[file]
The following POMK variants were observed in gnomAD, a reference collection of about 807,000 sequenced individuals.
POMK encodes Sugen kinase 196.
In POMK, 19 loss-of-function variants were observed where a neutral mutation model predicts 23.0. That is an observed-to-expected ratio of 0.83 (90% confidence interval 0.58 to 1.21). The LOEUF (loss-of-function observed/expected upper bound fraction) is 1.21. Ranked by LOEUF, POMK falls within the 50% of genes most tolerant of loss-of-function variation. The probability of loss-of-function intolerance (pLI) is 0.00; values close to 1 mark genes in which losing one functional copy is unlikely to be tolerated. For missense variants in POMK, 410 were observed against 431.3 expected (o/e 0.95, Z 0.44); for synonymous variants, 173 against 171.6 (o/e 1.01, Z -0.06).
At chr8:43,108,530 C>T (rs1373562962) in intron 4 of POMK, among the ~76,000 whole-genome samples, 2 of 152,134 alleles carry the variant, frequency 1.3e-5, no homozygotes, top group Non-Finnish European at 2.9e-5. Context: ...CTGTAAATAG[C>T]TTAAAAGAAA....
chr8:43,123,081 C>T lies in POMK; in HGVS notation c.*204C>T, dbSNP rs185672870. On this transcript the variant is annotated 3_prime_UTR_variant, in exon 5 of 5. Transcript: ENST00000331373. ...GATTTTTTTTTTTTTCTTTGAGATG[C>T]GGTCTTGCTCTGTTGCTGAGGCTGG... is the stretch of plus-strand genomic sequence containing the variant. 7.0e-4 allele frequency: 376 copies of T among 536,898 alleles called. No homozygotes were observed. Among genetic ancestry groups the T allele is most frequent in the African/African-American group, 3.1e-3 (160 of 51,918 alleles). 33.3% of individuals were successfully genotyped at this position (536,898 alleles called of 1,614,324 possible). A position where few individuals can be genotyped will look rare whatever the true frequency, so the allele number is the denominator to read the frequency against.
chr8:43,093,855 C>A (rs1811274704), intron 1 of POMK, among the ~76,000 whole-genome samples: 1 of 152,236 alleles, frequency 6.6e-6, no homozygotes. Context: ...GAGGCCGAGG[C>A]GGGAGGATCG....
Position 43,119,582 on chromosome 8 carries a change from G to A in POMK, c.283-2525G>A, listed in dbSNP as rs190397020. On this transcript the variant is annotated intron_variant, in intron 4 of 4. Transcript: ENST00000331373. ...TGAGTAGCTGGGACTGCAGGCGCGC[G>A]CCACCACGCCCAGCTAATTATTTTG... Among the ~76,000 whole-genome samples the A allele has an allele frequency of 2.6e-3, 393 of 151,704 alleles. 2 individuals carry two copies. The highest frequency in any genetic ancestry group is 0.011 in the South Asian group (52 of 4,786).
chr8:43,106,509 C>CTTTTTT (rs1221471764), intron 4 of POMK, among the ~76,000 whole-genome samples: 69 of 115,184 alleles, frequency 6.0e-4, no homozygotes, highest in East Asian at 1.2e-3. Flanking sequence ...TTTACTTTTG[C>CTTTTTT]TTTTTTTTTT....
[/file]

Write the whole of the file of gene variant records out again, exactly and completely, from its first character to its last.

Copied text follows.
The following POMK variants were observed in gnomAD, a reference collection of about 807,000 sequenced individuals.
POMK encodes Sugen kinase 196.
In POMK, 19 loss-of-function variants were observed where a neutral mutation model predicts 23.0. That is an observed-to-expected ratio of 0.83 (90% confidence interval 0.58 to 1.21). The LOEUF (loss-of-function observed/expected upper bound fraction) is 1.21. Ranked by LOEUF, POMK falls within the 50% of genes most tolerant of loss-of-function variation. The probability of loss-of-function intolerance (pLI) is 0.00; values close to 1 mark genes in which losing one functional copy is unlikely to be tolerated. For missense variants in POMK, 410 were observed against 431.3 expected (o/e 0.95, Z 0.44); for synonymous variants, 173 against 171.6 (o/e 1.01, Z -0.06).
At chr8:43,108,530 C>T (rs1373562962) in intron 4 of POMK, among the ~76,000 whole-genome samples, 2 of 152,134 alleles carry the variant, frequency 1.3e-5, no homozygotes, top group Non-Finnish European at 2.9e-5. Context: ...CTGTAAATAG[C>T]TTAAAAGAAA....
chr8:43,123,081 C>T lies in POMK; in HGVS notation c.*204C>T, dbSNP rs185672870. On this transcript the variant is annotated 3_prime_UTR_variant, in exon 5 of 5. Transcript: ENST00000331373. ...GATTTTTTTTTTTTTCTTTGAGATG[C>T]GGTCTTGCTCTGTTGCTGAGGCTGG... is the stretch of plus-strand genomic sequence containing the variant. 7.0e-4 allele frequency: 376 copies of T among 536,898 alleles called. No homozygotes were observed. Among genetic ancestry groups the T allele is most frequent in the African/African-American group, 3.1e-3 (160 of 51,918 alleles). 33.3% of individuals were successfully genotyped at this position (536,898 alleles called of 1,614,324 possible). A position where few individuals can be genotyped will look rare whatever the true frequency, so the allele number is the denominator to read the frequency against.
chr8:43,093,855 C>A (rs1811274704), intron 1 of POMK, among the ~76,000 whole-genome samples: 1 of 152,236 alleles, frequency 6.6e-6, no homozygotes. Context: ...GAGGCCGAGG[C>A]GGGAGGATCG....
Position 43,119,582 on chromosome 8 carries a change from G to A in POMK, c.283-2525G>A, listed in dbSNP as rs190397020. On this transcript the variant is annotated intron_variant, in intron 4 of 4. Transcript: ENST00000331373. ...TGAGTAGCTGGGACTGCAGGCGCGC[G>A]CCACCACGCCCAGCTAATTATTTTG... Among the ~76,000 whole-genome samples the A allele has an allele frequency of 2.6e-3, 393 of 151,704 alleles. 2 individuals carry two copies. The highest frequency in any genetic ancestry group is 0.011 in the South Asian group (52 of 4,786).
chr8:43,106,509 C>CTTTTTT (rs1221471764), intron 4 of POMK, among the ~76,000 whole-genome samples: 69 of 115,184 alleles, frequency 6.0e-4, no homozygotes, highest in East Asian at 1.2e-3. Flanking sequence ...TTTACTTTTG[C>CTTTTTT]TTTTTTTTTT....